MANIFESTO

I made mention, when pulling together ICA 250, that Manifesto had been the first Roxy Music album I’d bought at the time of its release, having really been too young to do so when the band had been in their early 70s pomp.

It’s an album I took to quite quickly, but then again having spent hard-earned cash from the paper round on a full-priced LP, there was no way I wasn’t going to sing its merits. The critics, on the other hand, were a bit less enthralled:-

“Ultimately, I found it hard to work up much enthusiasm for Manifesto….the band have come full circle without evolving anything dramatically new – at least – not according to those initial standards … Perhaps greater familiarity with Manifesto will reveal hidden magic. At present, it merely comes across over like an assured modern dip into friendly territory – an entertaining, pleasant album.” (Max Bell, NME)

“This isn’t Roxy at its most innovative, just its most listenable – the entire “West Side” sustains the relaxed, pleasantly funky groove it intends, and the difficulties of the “East Side” are hardly prohibitive. At last Ferry’s vision seems firsthand even in its distancing – he’s paid enough dues to deserve to keep his distance. And the title track is well-named, apparent contradictions and all.” (Robert Christgau, Village Voice)

“So the record has its moments – moments few bands even know about – but as with the brazenly (and meaninglessly) titled “Manifesto,” they add up to little. Ferry announces he’s for the guy “who’d rather die than be tied down”; he’s rarely traded on such banality, and he mouths the lyrics as if he hopes no one will hear them. The sound may be alive, but the story is almost silent.” (Greil Marcus, Rolling Stone)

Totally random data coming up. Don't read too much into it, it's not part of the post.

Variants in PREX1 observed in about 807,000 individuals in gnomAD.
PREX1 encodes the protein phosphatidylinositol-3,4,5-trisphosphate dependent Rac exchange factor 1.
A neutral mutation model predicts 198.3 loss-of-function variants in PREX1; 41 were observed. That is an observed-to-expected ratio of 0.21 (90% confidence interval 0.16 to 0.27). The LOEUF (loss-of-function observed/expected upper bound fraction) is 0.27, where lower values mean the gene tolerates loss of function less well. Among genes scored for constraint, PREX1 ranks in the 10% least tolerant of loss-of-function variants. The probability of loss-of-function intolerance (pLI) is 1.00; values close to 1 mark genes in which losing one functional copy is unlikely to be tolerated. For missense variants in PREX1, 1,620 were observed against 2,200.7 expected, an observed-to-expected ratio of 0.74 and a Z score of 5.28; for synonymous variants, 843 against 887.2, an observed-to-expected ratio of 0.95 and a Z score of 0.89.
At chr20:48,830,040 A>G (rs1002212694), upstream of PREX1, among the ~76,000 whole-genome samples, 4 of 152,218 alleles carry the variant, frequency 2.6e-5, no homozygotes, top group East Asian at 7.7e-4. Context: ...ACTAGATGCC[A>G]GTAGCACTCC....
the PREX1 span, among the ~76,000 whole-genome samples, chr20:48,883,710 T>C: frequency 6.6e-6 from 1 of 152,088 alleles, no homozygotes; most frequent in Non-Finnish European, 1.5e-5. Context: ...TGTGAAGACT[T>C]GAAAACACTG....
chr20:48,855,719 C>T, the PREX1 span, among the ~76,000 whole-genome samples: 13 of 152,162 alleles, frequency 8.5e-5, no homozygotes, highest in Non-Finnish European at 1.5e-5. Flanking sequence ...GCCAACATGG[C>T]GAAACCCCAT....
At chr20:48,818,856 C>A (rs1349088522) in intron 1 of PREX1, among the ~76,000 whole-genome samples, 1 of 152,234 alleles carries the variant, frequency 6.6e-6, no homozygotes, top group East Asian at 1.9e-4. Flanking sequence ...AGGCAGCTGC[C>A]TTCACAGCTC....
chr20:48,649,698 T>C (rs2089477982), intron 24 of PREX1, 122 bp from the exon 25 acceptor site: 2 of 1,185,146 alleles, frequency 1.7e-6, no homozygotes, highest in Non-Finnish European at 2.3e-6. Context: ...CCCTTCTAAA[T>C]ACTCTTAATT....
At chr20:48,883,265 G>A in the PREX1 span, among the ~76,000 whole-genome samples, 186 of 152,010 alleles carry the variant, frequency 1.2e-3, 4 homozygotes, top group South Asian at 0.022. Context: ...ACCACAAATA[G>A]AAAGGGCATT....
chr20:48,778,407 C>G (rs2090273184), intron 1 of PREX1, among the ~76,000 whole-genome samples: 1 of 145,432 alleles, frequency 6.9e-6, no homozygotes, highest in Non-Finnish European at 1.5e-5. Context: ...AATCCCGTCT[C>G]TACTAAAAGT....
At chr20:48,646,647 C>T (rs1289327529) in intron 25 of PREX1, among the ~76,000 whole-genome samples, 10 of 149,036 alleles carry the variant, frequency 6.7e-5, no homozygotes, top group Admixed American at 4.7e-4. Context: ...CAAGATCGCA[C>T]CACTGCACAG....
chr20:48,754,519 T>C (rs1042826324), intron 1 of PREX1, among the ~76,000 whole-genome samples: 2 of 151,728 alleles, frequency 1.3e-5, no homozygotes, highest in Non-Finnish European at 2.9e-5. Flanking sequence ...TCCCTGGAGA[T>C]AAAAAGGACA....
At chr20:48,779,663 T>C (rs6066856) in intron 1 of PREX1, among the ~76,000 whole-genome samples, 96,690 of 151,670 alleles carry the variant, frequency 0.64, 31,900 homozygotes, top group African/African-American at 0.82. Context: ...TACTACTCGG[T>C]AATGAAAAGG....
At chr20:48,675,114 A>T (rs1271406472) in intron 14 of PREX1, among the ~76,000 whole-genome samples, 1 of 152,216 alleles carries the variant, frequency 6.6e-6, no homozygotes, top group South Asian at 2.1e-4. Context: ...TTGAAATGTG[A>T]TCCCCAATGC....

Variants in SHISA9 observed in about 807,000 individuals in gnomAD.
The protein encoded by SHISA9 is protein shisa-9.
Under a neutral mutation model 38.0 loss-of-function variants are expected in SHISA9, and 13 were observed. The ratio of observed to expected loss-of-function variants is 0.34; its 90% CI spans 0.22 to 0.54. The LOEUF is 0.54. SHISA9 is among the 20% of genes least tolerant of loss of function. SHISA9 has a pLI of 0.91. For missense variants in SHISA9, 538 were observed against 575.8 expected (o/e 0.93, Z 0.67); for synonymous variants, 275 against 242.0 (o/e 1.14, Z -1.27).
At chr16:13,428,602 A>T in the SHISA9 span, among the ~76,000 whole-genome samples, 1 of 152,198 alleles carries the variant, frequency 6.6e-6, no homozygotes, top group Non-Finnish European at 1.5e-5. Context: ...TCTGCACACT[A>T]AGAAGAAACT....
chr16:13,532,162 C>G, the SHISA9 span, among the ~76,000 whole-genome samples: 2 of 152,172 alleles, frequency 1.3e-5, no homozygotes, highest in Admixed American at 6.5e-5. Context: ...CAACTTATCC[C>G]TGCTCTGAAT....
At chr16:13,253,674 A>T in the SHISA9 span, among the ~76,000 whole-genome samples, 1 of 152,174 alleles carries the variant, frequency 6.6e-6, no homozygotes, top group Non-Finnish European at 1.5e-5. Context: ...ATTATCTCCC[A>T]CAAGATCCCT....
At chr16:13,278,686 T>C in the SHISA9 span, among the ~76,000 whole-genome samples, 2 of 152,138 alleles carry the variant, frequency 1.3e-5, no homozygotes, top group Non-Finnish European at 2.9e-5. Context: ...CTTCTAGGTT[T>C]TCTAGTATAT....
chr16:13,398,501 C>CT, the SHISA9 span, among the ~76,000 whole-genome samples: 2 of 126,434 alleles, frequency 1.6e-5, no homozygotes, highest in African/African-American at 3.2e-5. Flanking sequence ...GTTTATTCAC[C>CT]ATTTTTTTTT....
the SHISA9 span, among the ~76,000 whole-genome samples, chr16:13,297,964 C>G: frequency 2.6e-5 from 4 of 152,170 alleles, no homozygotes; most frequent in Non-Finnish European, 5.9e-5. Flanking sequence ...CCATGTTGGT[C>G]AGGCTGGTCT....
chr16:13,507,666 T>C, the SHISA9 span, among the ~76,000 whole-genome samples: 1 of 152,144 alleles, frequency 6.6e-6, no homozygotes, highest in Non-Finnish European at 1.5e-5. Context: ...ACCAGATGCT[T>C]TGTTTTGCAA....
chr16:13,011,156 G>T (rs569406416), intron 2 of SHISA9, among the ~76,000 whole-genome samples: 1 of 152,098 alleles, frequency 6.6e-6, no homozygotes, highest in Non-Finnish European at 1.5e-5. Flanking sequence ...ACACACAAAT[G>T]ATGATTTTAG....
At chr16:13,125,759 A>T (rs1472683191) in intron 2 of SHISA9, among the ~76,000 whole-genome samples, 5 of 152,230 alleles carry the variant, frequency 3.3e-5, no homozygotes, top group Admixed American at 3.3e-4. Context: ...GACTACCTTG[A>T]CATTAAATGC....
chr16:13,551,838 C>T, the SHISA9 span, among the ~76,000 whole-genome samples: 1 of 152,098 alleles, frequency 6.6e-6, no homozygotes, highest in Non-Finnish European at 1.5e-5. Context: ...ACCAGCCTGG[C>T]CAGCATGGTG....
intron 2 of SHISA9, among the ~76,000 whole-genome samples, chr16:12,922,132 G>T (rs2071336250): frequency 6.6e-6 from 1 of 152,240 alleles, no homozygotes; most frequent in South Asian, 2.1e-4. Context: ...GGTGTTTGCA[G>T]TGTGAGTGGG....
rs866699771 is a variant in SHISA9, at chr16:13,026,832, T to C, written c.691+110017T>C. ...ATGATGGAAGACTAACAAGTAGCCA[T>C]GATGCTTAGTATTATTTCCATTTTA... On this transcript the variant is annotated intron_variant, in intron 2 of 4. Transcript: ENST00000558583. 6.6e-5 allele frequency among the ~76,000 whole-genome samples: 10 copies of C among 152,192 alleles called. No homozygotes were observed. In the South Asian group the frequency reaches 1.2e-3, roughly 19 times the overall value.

It was interesting that the second and third singles taken from the album – Dance Away and Angel Eyes – were completely different mixes from those on the album, at least to begin with. The singles were far more poppy and danceable and the fact they were chart hits led to the label bosses choosing to have the second pressings of the album come instead with the remix of Dance Away with even later pressings then seeing the remix of Angel Eyes replace its original version. As I said, they are quite different in style and substance, particularly Angel Eyes:-

mp3: Roxy Music – Dance Away
mp3: Roxy Music – Angel Eyes

mp3: Roxy Music – Dance Away (single mix)
mp3: Roxy Music – Angel Eyes (single mix)

The other thing that struck me, many years later, was that Roxy Music album sleeves had been notorious for featuring scantily-clad models but Manifesto’s sleeve consisted of mannequins under disco lights, albeit very stylishly dressed.

There was also a picture disk version of the album made available in which the mannequins kept the same pose but were unclothed, and at first glance, it looked like a group of naked clubgoers.  I’m sure this would have caused untold confusion in the record section of those chains that had a policy of no nudes or offensive sleeves to be on public display within their stores.

JC

6 thoughts on “MANIFESTO

  1. Manifesto was also the 1st Roxy Music LP that I bought. I nabbed a new, picture disc version from Listen and subsequently bought every other LP from its second hand section, located downstairs.

    I had no idea the LP and single mixes were different.

    It’s an LP that I hold dear, not just because it was one of my first purchases but also because it’s stood the test of time – as have all the LPs.

  2. I like manifesto but i almost feel it is the gateway between the wild and wacky earlier albums to the polished albums such as Avalon. You also get the feeling that Ferry is a bit burnt out and this rings true with the addition of more and more covers on Roy albums from here on in. However like you I only started listening to Roxy albums late 70’s due to age so i have a real fondness for the last 3 albums as whilst those older punters are a bit sniffy about late Roxy I still feel there was quality on all the albums.